“What I've done,” he said, “which I don't think many people have done, is to actually go in and analyse exactly what happens with some of the best players in the world in the seconds before they get the ball. And there is so much activity going on.”
“There is so much looking, there is so much searching and there is so much exploration. That is why I find the players who explore the most actively in that period before they get the ball they also perform better when they get the ball. I think that there is a need to focus a bit more on that side of the game then what people usually do.”
Therefore, whilst master chess players can look at a chess board and immediately recognise what play each player is trying to execute, the best midfield players can take a look around them to realise what is going to happen.
Neither level of expertise comes about through incident or, much less, is through an innate ability. Instead it comes about through specific training and their desire to question what happens after each play. Indeed, Jordet recommended specific exercises to help players achieve such perception most of which include placing the players in situations where they have to ask themselves what those around them are doing.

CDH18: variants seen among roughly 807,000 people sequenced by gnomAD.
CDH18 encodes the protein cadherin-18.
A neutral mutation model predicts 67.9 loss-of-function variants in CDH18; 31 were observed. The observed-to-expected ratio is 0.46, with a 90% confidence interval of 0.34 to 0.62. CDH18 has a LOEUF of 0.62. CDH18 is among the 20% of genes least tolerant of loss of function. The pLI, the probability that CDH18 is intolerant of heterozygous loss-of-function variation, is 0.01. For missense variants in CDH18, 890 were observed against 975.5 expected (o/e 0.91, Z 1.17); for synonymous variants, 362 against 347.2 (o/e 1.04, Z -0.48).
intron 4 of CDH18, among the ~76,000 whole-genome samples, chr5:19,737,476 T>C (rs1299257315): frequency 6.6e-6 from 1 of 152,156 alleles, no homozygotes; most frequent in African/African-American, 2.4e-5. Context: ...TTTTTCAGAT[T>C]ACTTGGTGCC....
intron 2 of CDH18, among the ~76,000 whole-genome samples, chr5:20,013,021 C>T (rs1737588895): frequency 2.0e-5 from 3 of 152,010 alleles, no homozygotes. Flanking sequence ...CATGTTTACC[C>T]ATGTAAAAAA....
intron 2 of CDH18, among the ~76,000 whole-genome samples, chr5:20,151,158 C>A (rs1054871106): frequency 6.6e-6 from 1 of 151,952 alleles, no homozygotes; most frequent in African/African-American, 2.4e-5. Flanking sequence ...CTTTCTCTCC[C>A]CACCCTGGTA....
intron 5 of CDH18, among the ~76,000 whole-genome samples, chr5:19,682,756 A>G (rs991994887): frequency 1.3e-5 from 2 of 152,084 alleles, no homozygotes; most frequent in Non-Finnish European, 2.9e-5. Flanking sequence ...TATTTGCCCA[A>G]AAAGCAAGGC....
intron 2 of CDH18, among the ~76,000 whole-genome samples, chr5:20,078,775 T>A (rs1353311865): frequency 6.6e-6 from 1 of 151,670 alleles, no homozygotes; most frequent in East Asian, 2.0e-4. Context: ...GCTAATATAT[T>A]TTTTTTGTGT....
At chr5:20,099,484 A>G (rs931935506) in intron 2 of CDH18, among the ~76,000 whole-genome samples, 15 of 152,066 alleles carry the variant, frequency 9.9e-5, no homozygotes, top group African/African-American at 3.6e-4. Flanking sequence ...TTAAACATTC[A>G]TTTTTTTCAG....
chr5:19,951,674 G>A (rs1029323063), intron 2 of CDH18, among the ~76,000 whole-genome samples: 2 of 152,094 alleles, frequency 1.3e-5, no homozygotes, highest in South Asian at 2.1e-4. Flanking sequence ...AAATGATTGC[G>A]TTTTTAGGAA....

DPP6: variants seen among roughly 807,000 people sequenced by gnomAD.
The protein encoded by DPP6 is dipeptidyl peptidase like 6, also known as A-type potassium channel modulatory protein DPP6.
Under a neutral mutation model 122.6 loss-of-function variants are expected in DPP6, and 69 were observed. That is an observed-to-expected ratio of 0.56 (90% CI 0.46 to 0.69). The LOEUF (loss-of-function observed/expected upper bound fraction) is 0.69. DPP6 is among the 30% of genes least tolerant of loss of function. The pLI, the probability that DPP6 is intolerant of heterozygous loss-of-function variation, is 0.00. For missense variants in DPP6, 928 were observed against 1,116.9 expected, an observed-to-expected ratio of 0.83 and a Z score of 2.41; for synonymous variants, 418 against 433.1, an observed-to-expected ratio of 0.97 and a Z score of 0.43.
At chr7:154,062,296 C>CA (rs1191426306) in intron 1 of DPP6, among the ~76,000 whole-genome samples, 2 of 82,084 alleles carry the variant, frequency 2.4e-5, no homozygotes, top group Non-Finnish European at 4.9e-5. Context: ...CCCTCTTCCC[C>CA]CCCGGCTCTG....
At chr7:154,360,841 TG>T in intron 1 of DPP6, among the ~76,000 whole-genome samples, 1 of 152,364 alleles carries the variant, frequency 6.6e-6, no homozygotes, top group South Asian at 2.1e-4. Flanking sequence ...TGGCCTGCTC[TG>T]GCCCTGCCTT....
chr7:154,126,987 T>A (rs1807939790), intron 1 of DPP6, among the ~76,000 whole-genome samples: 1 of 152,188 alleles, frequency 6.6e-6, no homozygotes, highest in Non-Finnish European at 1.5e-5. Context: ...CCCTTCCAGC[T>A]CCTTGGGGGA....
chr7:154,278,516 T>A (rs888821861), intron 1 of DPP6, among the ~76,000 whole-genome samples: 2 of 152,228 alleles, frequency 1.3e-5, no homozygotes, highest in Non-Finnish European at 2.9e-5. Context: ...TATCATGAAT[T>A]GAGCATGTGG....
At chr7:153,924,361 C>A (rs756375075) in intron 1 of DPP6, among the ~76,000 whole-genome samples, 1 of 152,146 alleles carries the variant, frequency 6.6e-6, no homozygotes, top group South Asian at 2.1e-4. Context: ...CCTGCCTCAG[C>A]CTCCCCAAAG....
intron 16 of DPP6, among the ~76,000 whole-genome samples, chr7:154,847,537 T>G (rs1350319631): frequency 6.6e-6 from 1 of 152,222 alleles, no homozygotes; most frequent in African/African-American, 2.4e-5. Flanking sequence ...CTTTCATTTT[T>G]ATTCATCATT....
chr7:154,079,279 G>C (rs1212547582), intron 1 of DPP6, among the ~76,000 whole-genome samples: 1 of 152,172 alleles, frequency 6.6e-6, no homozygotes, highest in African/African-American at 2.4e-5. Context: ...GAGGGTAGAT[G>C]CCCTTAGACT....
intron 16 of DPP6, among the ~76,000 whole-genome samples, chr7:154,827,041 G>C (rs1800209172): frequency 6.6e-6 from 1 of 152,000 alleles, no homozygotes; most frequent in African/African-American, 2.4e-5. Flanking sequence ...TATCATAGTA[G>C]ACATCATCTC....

In other works, it involves getting them curious about what others are doing and how their roles fit into what is happening.
This article was largely inspired by Ian Leslie’s book ‘Curious’ and by discussions with the author himself who kindly agreed to be a beta-reader. A first part of this article will focus on the need for coaches to foster their own curiosity.
For full disclosure purposes it is noted that a copy of Curious was provided by the books’ publisher. Also, a small fraction of any book purchased by following the links in this piece make their way back to Blueprint for Football.